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Sago Palm Does Well With Less

Help Line / Second of Two Parts

March 31, 2001|U.C. MASTER GARDENERS

Question: Is the sago palm easy to grow?

S.V., Stanton

Answer: Caring for sago palms is relatively easy.

Here are some tips to keep in mind:

* Whether in the garden or in a container, sago palms should be planted slightly above the soil line in well-drained loam. They will tolerate wet, soggy conditions, but do much better if kept on the dry side.

Particularly in pots, the fleshy roots of the sago palm can rot if overwatered.

Water and fertilizer needs are related to the amount of light exposure and, unlike most plants, sago palms give little indication of when to water or feed them. It is best to think of them in the same terms as cacti and to water only when they are almost dry.

* Fertilize in spring and summer, but keep in mind that in the case of sago palms, less is better than more. In particular, the application rate should be reduced for plants growing in low light.

Do not allow fertilizer to get into the plant crown where the formation of new leaves occurs.

* Sago palms are adaptable with respect to light, temperature and humidity. They do well in either high or low humidity and in temperatures ranging from 15 to 110 degrees Fahrenheit.

They grow in full sun as well as partial shade, and they do fine in bright indoor areas with just a few hours of daily sunlight exposure.

* Sago palms are relatively free of pests. The one to be most concerned about is scale, which forms a white or gray crust, and there also are occasional infestations of mealybugs.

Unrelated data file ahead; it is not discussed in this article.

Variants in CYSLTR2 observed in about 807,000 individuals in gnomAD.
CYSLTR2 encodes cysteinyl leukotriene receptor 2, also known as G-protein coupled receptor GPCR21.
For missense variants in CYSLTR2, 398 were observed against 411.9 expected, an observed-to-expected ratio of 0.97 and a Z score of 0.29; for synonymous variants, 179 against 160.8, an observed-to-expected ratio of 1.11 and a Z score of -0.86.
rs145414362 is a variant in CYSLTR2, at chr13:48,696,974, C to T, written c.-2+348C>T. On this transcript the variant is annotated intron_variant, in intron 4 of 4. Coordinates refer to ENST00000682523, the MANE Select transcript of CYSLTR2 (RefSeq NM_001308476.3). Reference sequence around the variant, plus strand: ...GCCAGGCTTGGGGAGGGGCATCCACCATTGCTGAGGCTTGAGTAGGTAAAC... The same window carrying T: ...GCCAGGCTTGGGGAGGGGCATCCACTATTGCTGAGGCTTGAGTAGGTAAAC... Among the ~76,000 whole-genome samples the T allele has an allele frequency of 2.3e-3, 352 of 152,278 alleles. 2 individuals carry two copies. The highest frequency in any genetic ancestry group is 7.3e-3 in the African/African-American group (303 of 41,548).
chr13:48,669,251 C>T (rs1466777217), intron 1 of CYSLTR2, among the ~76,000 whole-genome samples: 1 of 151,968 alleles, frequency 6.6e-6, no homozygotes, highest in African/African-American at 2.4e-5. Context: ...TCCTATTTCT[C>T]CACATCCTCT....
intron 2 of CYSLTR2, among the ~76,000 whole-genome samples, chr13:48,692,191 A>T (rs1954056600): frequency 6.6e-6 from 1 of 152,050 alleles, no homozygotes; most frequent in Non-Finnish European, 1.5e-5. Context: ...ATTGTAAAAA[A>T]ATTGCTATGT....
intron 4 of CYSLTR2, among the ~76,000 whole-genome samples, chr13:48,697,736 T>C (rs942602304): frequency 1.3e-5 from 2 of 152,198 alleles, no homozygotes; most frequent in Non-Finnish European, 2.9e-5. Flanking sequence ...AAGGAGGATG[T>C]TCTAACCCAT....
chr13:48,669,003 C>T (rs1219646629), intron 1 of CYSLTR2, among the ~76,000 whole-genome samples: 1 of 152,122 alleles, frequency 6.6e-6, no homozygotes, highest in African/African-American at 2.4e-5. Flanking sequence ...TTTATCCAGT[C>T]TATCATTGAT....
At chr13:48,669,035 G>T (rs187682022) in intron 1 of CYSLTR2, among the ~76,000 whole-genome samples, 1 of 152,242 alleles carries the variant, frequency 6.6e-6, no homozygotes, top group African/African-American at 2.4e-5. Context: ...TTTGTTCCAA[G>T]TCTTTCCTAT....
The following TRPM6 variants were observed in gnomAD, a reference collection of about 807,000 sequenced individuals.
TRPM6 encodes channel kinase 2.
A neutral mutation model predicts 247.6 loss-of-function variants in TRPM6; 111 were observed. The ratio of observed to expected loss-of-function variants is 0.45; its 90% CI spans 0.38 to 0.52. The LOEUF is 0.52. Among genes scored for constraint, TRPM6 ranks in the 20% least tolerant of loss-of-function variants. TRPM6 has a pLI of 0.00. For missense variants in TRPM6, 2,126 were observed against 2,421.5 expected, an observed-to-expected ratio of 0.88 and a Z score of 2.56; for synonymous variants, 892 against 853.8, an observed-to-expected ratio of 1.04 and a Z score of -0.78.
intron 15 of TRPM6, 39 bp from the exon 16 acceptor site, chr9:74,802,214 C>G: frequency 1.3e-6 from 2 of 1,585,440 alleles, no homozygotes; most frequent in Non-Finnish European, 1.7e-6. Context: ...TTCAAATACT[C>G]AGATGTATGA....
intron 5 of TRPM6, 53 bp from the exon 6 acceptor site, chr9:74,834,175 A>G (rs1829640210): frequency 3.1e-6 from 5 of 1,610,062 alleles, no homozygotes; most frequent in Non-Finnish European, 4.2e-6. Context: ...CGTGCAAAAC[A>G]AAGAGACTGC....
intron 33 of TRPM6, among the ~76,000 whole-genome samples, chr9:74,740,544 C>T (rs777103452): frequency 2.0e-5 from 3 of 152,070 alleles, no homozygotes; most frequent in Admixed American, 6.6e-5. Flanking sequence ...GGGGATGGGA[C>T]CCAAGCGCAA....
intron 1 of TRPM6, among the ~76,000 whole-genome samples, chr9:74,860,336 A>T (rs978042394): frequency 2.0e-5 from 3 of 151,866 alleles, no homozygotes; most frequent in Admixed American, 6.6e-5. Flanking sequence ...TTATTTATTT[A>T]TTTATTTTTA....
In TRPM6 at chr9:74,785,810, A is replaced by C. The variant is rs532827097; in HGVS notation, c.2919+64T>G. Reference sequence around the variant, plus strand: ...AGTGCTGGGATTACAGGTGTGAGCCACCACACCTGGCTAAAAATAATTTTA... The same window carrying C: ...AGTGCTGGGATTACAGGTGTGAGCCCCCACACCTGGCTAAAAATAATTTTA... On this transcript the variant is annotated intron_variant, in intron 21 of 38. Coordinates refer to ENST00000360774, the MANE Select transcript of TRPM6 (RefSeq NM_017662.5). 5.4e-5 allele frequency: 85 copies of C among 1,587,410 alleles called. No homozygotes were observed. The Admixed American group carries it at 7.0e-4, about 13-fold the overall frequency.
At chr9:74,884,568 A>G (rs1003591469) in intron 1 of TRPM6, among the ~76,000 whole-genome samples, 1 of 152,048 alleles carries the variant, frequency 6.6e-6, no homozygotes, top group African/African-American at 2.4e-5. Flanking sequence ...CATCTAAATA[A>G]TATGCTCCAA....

Consult your local certified nursery professional for information on treatment options.

* In selecting a garden location, remember that even though they are slow growing, sago palms can eventually reach heights of 15 feet or more, and the diameters of multi-trunk specimens can exceed 10 feet.

* Annually or more often, remove old leaves after the new ones have set. Usually the lower leaves get brown tips or may turn completely brown because the plant's energy is being directed to the growth of the new leaves.

Cut leaves off close to the trunk and remove any yellow or distorted leaves at the same time.

The sago palm is probably the world's most popular cycad and is widely available in nurseries.

Sago palms gain considerable monetary value as they grow and mature. Most home gardeners will find growing this unique plant rewarding.

--Written by University of California Master Gardener in Training Edward A. Shaw of Laguna Beach.


Have a problem in your yard? University of California Cooperative Extension Master Gardeners are here to help. These trained and certified horticultural volunteers are dedicated to extending research-based, scientifically accurate information to the public about home horticulture and pest management. They are involved with a variety of outreach programs, including the university's Master Garden hotline, which provides answers to specific questions. You can reach the hotline at (714) 708-1646 or send e-mail to Calls and e-mail are picked up daily and are generally returned within two to three days. Please include your name and city of residence.

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